In his homily Thursday, Pope Francis spoke on the essential role hope plays in the Christian life, saying that while it is a silent and humble virtue, it is what supports us in difficulty and brings us peace.

“Hope (is) that humble virtue which flows under the water of life, but that bears us up so we don’t drown in so many difficulties, so we do not lose that desire to find God, to find that wonderful face which we will all see one day: hope,” the Pope said March 17.

Pope Francis celebrated Mass in the chapel of the Vatican’s Saint Martha guesthouse, focusing his homily on the figure of Abraham and how Jesus in the day’s Gospel from John tells the Jews that “Abraham your father rejoiced to see my day.”

While Abraham certainly had temptations along “the path of hope,” he still believed and obeyed what the Lord told him, and so began his journey to the Promised Land, the Pope told attendees.

He said that there is a “thread of hope” which unites the entire story of salvation, and which serves as a “font of joy” for Christians.

Francis noted how in the day’s first prayer for the Mass, we ask for God’s grace in keeping us “in the hope of the Church because it does not fail.”

Abraham himself “believed against all hope,” he said, adding that when there is no human hope left in a situation, there is always the supernatural virtue of hope which carries us forward.

The virtue is “humble (and) simple, but it gives a joy, at times a great joy, at (other) times only of peace, but the security that hope does not disappoint: hope doesn’t disappoint.”

Pope Francis said this “thread of hope” begins with Abraham and grows throughout history, ending with Jesus. He admitted that at times hope is hidden, while at other times it is clearly seen.

Citing the example of when John leaps for joy in Elizabeth’s womb as Mary approaches, Francis said that what made John leap was “the joy of the presence of God” who journeys with his people.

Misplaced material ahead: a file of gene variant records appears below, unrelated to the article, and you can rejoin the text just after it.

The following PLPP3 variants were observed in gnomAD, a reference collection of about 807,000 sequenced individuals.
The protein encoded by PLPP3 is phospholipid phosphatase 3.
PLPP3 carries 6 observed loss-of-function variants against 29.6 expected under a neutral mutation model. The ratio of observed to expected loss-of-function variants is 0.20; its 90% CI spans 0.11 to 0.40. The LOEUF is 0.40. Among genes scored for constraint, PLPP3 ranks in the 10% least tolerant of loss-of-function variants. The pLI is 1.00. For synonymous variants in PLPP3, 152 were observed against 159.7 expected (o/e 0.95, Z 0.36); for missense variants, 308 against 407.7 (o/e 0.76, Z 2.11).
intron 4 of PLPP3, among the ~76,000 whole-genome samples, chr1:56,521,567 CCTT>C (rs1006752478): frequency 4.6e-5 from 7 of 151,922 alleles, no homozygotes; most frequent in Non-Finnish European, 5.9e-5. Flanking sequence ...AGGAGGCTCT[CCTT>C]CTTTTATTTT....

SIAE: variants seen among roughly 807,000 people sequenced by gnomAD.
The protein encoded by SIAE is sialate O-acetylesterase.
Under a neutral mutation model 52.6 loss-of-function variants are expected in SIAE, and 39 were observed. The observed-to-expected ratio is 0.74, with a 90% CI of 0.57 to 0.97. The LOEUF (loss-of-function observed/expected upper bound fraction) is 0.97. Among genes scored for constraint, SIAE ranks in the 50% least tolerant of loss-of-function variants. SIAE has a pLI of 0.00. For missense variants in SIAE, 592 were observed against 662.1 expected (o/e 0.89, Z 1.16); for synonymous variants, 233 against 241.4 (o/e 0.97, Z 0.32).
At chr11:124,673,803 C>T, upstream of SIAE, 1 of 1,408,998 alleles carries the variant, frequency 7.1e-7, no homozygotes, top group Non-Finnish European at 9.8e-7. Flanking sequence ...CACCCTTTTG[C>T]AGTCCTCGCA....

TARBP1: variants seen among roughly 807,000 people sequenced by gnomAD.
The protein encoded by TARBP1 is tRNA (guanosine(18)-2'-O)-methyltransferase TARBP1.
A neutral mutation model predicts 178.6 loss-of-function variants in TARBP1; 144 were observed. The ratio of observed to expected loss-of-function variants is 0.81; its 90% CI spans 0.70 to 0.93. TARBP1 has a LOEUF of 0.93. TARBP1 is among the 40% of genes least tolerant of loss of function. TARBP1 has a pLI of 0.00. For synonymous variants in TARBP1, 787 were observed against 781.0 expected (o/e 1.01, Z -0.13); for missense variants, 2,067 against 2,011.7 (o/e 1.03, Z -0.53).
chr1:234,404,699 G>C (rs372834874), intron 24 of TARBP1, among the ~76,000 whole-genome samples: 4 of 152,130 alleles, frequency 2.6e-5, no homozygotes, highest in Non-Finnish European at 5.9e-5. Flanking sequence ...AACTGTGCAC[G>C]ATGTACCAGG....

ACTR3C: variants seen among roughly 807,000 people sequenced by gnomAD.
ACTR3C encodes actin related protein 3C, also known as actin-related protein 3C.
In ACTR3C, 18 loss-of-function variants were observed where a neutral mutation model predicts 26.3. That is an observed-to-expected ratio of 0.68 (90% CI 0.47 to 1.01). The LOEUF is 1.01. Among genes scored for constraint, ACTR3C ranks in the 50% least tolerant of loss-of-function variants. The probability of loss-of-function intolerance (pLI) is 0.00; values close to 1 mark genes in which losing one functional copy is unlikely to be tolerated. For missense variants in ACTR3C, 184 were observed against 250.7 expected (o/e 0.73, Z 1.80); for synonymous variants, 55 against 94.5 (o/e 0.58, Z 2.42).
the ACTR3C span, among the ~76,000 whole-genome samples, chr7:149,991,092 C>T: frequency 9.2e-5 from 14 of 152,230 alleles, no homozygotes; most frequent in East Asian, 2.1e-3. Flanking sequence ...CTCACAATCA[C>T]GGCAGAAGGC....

“Where there is joy, there is peace,” he said, explaining that the virtue of hope takes us from joy to peace.

Francis noted that while it is common to speak about having faith or charity, speaking about having hope is something that happens far less.

However, he stressed that while hope might not be as commonly spoken about, it is the silent and humble virtue that “bears us up so we don’t drown” in our difficulties.

The Pope encouraged attendees to reflect on how the God who called Abraham, asking him to leave his land without knowing where he was going, is the same God who goes to the Cross, “to fulfil the promise He made.”

“(This) is the same God who, in the fullness of time, ensures that the promise would become a reality for all of us. And what unites that first moment to this last moment is the thread of hope,” Francis noted.

Hope, he said, is what unites our Christian lives to each other, from one moment to the next, so that we can continue moving forward, despite the fact that we are sinners.

“What gives us peace in bad moments, in the darkest moments of life, is hope. Hope doesn’t disappoint: it’s always there: silent, humble, but strong.”